Learning to lead: TrekNorth student Cecelia Humphrey hosts regional summit
Cecelia Humphrey was named president of the Northwest Division Board for the Minnesota Association of Student Councils, which provides leadership opportunities to students throughout the state. As president, she had the chance to invite student councils and their advisors from across the region to answer the question, “What is Your Why?” right on her stomping grounds.
BEMIDJI — TrekNorth junior Cecelia Humphrey was initially nervous to become a student leader, but after hosting over 200 students from northwest Minnesota schools for a fall summit on Monday, she’s glad she did it.
Along with being the TrekNorth student council president, Humphrey was also named president of the Northwest Division Board for the Minnesota Association of Student Councils, which provides leadership opportunities to students throughout the state.
As the northwest division president, she had the chance to invite student councils and their advisors from across the region to answer the question, “What is Your Why?” right on her stomping grounds.
“TrekNorth is such a small school, and (running for president) was a big step,” Humphrey said. “Just to speak at a big summit like this and represent the area as an Indigenous woman … It was nerve-wracking, but I’m really glad that I did it.”
Answering their ‘why’
Starting off as a large group gathering at the Bemidji National Guard Armory before students headed to break-out sessions at TrekNorth Junior and Senior High School, the morning began with the TrekNorth Choir singing the national anthem and a drum group playing a flag song before the Northwest Division Board took turns explaining what their “why” is.
“It was one of the questions I asked the board to get to know them,” Humphrey said regarding early planning stages for the summit. “It was asking why they were in student council, why they are the way they are and what motivates them. We all agreed that it would make a good topic and main theme for the summit.”
Bemidji State Social Work Professor Ashley Charwood was the morning’s keynote speaker and detailed life experiences that helped to mold her “why.”
“My ‘why’ is to really think about how I can become a great and better version of myself while also building up other people,” Charwood said during her speech. “I also wanted to be a mentor and a role model as part of my ‘why.’”
TrekNorth Executive Director Erica Harmsen spoke to students on the “why” that led to the creation of TrekNorth in 2003, stating that two teachers wanted a school where college preparation, outdoor adventure and service learning were areas of focus.
“They had a dream that kids would grow to be critical thinkers and be a positive force in their communities, local and global,” Harmsen said, “by taking (advanced placement) classes, hiking the Appalachian Trail, hiking the Superior Trail, working in shelters in Chicago … so they created TrekNorth.”
Driving home the theme, Harmsen left off, “my ‘why’ is looking out and seeing all of you who are going to be leaders someday. Right now, you’re learning how to be the best you and how you can help your communities, schools and regions.”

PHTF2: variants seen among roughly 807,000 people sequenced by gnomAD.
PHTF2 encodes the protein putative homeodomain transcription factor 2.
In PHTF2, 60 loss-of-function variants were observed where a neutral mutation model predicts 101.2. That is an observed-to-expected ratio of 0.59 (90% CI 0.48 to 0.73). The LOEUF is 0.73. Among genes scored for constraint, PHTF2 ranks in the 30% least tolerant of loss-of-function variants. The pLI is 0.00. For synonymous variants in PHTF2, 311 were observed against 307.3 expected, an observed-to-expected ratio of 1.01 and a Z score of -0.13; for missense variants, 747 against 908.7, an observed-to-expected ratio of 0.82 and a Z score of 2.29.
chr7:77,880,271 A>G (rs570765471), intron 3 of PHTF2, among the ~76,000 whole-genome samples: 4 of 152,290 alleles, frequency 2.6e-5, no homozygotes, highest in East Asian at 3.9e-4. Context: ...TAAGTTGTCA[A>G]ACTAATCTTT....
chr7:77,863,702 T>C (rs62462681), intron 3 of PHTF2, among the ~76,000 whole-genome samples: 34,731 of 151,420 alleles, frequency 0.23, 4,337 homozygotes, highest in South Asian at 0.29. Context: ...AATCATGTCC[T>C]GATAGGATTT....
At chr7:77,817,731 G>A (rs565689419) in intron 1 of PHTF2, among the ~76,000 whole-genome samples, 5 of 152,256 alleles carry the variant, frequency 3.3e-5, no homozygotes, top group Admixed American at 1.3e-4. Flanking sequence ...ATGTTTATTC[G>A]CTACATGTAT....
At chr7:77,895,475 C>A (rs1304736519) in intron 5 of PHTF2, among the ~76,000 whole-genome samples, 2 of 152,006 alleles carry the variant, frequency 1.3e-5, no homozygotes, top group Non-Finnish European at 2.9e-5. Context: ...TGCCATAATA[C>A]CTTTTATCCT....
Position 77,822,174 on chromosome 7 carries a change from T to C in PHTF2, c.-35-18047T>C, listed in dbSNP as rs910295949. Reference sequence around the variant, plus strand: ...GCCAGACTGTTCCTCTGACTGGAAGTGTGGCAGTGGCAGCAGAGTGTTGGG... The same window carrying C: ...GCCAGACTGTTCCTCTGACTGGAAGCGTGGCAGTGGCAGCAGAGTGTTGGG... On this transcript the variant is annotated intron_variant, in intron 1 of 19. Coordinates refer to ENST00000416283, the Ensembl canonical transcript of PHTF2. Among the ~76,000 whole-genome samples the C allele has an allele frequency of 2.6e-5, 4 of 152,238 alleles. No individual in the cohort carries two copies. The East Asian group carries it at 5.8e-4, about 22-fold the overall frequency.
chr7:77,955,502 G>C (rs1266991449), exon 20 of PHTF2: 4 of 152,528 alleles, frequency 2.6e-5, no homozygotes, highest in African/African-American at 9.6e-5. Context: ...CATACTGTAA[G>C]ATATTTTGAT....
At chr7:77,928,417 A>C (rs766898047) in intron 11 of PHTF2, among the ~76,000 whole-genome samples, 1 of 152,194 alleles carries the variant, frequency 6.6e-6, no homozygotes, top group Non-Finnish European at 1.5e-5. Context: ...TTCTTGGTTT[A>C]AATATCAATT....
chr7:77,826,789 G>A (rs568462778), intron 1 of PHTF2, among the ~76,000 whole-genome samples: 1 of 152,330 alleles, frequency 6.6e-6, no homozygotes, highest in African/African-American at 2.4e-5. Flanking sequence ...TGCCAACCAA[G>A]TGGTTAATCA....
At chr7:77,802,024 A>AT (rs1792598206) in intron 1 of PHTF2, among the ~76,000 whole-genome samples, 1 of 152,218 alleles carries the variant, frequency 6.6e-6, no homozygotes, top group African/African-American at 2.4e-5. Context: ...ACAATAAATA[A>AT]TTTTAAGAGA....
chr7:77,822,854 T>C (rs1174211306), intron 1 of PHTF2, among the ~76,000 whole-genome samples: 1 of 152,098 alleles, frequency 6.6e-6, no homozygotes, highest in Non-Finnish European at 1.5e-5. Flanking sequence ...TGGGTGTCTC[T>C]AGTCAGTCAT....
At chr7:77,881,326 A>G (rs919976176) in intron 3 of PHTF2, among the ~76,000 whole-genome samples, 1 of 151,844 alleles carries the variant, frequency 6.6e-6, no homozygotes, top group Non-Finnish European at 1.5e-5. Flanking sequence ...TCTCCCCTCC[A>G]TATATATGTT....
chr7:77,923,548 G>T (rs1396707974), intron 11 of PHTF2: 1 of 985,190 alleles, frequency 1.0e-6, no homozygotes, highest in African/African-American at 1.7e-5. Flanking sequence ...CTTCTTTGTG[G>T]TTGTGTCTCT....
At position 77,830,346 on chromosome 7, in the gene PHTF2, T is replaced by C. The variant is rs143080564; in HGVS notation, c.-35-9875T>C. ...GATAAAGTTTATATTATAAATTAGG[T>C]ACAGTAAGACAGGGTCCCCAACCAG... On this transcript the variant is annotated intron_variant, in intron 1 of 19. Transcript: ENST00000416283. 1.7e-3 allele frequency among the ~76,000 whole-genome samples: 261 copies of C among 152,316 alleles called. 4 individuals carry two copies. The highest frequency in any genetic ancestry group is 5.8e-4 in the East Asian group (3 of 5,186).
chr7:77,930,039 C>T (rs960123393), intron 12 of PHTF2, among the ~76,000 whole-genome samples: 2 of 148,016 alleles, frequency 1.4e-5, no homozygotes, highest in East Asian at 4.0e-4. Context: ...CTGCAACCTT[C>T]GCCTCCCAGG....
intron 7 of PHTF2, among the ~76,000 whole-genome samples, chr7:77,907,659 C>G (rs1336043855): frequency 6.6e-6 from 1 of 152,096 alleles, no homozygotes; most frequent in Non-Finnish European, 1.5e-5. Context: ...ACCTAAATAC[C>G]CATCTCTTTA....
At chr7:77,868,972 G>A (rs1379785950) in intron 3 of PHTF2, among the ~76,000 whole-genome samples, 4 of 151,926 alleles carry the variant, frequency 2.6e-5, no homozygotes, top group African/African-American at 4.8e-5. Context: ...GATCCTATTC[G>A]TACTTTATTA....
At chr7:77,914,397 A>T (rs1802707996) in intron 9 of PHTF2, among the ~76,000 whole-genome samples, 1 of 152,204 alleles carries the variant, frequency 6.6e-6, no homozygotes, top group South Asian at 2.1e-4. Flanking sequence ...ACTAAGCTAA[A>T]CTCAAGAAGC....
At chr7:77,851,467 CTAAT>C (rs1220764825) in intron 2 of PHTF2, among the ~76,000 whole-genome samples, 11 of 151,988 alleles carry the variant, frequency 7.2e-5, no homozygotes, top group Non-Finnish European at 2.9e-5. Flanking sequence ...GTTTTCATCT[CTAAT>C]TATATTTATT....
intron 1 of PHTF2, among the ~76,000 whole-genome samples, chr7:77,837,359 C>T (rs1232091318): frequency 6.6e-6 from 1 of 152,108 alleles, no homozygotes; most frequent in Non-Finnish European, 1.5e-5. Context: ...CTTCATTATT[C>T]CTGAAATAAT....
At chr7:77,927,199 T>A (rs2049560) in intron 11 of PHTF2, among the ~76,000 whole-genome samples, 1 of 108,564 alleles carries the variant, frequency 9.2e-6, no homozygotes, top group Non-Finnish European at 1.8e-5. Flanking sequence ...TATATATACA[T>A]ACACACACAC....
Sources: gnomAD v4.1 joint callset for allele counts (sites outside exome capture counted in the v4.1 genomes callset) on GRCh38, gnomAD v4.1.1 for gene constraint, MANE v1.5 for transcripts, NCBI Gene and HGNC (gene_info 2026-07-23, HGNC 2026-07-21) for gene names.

Break-out sessions focused on building leadership skills and knowledge, and included discussions on student council planning, team building and being an elected leader. Leading the sessions included Leech Lake member Arnold Dahl-Wooley and Bemidji City Councilor Audrey Thayer among other community members and educators.
Of course, students would also have a chance to figure out their “why.”
“My ‘why’ is to represent the area and the people around us and honor the Indigenous people which I descend from,” Humphrey said, addressing the attendees.
Striking a balance
Though her October has been a little crazy with planning the summit, Humphrey is finding ways to set limits and boundaries for herself. Such a skill seems necessary as Humphrey is also the president of TrekNorth’s National Honor Society.
“I’m a very big perfectionist and I don’t like being behind or lacking,” she said. “I’m starting to get the gist of how to balance it all.”
Humphrey credits Harmsen, TrekNorth Student Council Advisor Jodie Olson and Northwest Division Advisor Randy Huie for supporting her throughout her leadership ventures.
“Everyone who is helping out with this, they knew I was kind of nervous to take this step,” Humphrey said, “but they’ve been great with me and I’m very, very grateful.”
Humphrey looks ahead to the rest of the school year which will offer more summits and conventions, most notably a state convention in the spring. Addressing a lack of diversity at certain conventions and creating friendships over commonalities makes these events her favorite part of student council.
“Everyone is so nice because they all have the same goals and aspirations when you want to be a student leader and want to have this image for yourself,” Humphrey left off, “and you think ‘this is great because all these people are like me.’”